5 Ways to Baby Proof Your Staircase

Sep 04 2020
A small child walking down a staircase.

Kids will be kids...

Sleep patterns, social life, routine, wardrobe… Everything seems to change in an instant when you have children as you adapt to the new family way of life.

One of the biggest and often trickiest changes is turning your previously adult-orientated home into a safe space for young ones. As babies learn to grasp, crawl and walk, there’s no doubt that they’ll start to explore the home and everything in it. You want to keep them safe at all costs, and yet the home offers all kinds of hazards that they need to be protected against.

Among these includes covering up plug sockets to protect their fingers, lockable cupboards for hazardous materials and, of course, safeguarding your stairs.A slight slip or fall could result in severe injury for your toddler. In the UK each year, there are more than 42,000 Accident and Emergency attendances by the under-five age group resulting from accidental falls on stairs (reported by RoSPA).

So, how do you ensure your child doesn’t fall victim to stair-related injuries? What options are there available for parents who want to keep crying and knee abrasions to a minimum on the journey between floors? This articles contains a number of tips that will help you and your family in baby proofing your staircase:

1 - Fix stair gates to restrict access

Stair gates at the top and bottom of stairs are a natural choice for restricting children from climbing the stairs unattended and therefore preventing accidents. Modern staircase designs can sometimes complicate the use of stair gates so finding one that fits properly can be a matter of trial and error. It’s important that the gates are robust, are high enough so that your toddler can’t climb over them and that they are fixed securely so that they can’t be pushed or pulled out of place. Refer to the video below for more information on stair gate installation:

If you’re overwhelmed with choice and unsure what type of stair gate you need, please refer to the below table for the advantages, disadvantages and best for of each type:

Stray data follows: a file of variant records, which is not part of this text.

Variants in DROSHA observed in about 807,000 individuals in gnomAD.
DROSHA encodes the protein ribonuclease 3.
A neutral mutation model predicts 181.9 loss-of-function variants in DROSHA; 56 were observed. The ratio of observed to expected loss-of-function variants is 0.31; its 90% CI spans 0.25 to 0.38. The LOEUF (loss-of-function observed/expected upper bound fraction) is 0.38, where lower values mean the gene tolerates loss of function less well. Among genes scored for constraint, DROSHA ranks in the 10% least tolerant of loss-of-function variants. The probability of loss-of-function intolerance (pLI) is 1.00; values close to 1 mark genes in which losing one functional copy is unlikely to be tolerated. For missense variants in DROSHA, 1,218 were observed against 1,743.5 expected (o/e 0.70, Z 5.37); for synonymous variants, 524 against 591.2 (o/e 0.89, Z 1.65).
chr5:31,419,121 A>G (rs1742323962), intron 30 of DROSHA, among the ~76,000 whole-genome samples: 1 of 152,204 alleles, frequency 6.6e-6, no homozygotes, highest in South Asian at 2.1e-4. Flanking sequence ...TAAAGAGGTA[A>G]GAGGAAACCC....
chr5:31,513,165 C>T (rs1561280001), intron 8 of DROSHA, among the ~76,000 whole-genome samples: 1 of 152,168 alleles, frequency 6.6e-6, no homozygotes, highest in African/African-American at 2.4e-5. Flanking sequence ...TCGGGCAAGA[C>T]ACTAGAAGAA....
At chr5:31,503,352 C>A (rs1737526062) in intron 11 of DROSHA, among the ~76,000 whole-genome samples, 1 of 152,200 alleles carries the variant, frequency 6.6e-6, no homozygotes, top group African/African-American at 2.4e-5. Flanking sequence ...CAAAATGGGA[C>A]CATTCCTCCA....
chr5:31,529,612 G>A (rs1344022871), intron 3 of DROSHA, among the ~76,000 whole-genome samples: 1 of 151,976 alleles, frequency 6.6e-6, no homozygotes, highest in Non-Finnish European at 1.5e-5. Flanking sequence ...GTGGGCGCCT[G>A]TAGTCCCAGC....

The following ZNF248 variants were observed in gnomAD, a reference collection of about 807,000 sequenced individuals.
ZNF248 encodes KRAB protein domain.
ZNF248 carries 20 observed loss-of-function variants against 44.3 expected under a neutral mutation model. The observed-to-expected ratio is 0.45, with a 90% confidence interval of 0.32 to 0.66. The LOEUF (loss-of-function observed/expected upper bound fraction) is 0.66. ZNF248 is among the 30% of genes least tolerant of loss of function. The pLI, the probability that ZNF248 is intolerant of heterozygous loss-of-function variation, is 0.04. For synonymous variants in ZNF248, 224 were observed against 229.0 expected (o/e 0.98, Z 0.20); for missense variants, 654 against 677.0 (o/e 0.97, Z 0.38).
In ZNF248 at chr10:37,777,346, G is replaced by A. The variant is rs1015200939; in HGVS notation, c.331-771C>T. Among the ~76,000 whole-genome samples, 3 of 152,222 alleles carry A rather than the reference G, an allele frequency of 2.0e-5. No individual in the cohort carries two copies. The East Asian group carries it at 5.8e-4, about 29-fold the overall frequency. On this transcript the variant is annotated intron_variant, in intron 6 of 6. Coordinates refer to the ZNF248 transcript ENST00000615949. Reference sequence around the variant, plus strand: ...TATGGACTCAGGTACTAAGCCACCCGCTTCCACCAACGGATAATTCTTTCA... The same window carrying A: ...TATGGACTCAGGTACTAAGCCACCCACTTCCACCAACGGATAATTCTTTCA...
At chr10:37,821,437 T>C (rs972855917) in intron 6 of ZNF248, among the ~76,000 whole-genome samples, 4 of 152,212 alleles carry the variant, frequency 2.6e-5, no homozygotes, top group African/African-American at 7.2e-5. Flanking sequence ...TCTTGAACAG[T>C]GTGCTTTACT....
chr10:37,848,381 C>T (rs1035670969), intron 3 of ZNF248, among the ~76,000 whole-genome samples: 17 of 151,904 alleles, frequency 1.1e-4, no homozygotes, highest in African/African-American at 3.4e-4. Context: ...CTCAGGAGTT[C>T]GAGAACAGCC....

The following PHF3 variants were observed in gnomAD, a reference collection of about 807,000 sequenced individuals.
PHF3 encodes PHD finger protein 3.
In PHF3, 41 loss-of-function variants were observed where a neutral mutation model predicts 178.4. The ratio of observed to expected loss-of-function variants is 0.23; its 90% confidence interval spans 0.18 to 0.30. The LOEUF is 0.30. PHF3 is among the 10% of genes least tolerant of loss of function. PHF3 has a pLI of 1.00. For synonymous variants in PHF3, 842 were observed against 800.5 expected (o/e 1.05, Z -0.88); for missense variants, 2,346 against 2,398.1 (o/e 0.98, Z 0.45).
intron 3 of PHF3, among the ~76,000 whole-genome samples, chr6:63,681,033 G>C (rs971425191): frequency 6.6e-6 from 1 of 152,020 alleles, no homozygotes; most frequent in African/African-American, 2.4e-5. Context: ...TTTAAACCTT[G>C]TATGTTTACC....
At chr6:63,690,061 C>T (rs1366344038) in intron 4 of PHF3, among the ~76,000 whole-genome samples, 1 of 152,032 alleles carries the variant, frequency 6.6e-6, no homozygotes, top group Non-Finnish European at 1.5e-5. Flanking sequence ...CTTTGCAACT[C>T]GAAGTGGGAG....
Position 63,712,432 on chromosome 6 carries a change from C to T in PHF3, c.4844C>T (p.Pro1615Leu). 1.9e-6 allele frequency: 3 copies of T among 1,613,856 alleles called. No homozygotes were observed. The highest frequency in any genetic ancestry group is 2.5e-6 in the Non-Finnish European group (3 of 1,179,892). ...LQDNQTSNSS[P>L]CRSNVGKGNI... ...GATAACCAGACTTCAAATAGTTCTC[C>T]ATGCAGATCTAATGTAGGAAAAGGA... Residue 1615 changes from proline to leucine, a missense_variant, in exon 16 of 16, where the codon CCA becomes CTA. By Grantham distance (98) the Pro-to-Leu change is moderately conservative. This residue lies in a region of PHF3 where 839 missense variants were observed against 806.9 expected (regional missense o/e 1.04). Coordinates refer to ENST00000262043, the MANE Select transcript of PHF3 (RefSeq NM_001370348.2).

Stair Gate Type Advantages Disadvantages Suitable For x Scenario
Foldable Gate
  • Suitable for awkward staircase configurations
  • Can be rolled away to the side when not in use
  • No base bar
  • Requires drilling into wall and Newel Post. This can result in damage when removing the gate 
  • You might require spacers if Skirting Boards are present
  • Awkward stair configurations 
  • No Skirting Boards 
  • Permanent solution
Roller Gate
  • Suitable for awkward staircase configurations
  • Can be rolled away to the side when not in use
  • No base bar

  • Requires flat walls for installation 
  • Requires spacers if Skirting Boards are present
  • Awkward stair configurations 
  • No Skirting Boards 
  • Permanent solution
Pressure Gate
  • Suitable for uneven walls
  • Fits around Skirting Boards
  • Non-permanent so can be moved around
  • Can be pushed over with force (particularly when not installed correctly) 
  • Pressure dials can work loose over time so will need re-tightening 
  • Can leave marks on the walls and Newel Posts can break under pressure 
  • Base bar can be a potential trip hazard, especially at the top of the stairs
  • Recommend for doorways only
Wall Mounted Gate
  • Cannot be pushed over with force 
  • Suitable for uneven walls 
  • Fits around Skirting Boards 
  • No base bar
  • Permanent fixture 
  • Requires drilling into wall and Newel Post. This can result in damage when removing the gate 
  • Wall needs to be strong enough to support the frequent opening and closing of the gate
  • Sturdy, permanent solution 
  • Suitable for top and bottom stair areas 
  • Can adapt to fit around Skirting Boards

2 - Add carpet or non-slip paint or varnish to the treads to make them less slippery

If you currently have a wood or laminate stair treads, it may be worth considering carpet instead. Your child’s feet are much less likely to slip on carpet than they are on wood, and when they do fall, a carpeted staircase will make for a much softer landing. If carpet is out of the question, applying non-slip paint or varnish (such as Blackfriar Anti-Slip Floor Paint) to the treads will do the trick.

3 - Clear stair clutter

Books, toys, and clothing on the stairs can be potential hazard. These items could result in serious injuries once tripped over. In fact, they aren’t just dangerous to your child but also to you as a parent. It’s important that you remove any items that you might be storing on the stairs; keep your stairs clear and free of clutter to avoid accidents.

4 - Light up your stair area

If you can’t see the steps on your staircase, then you run the risk of taking the wrong step. Make sure that your stair area is well-lit, without excessive glare or shadows.

Top tip: It is also a good idea to install light switches at both the top and the bottom of the stairs. This means no matter which floor of the house you are on, you can turn the staircase lights on and off.

5 - Always inspect your staircase for damage

Keeping your staircase in good overall condition will help prevent potential accidents. Ensure your stair balustrade is firmly secure, there are no broken treads and no exposed nails.

Replacing your stair balustrade has never been easier. You can find all the Timber Stair Parts that we stock here on our website.

Final Thoughts

No matter how hard you try to family proof your home, you can guarantee that your child will have the uncontrollable urge to explore different places around the house and find trouble in the least likely of places. However, by following the above baby proofing tips you can ensure that your staircase is as safe as possible allowing your child to explore their environment without being exposed to the risk of getting injured.

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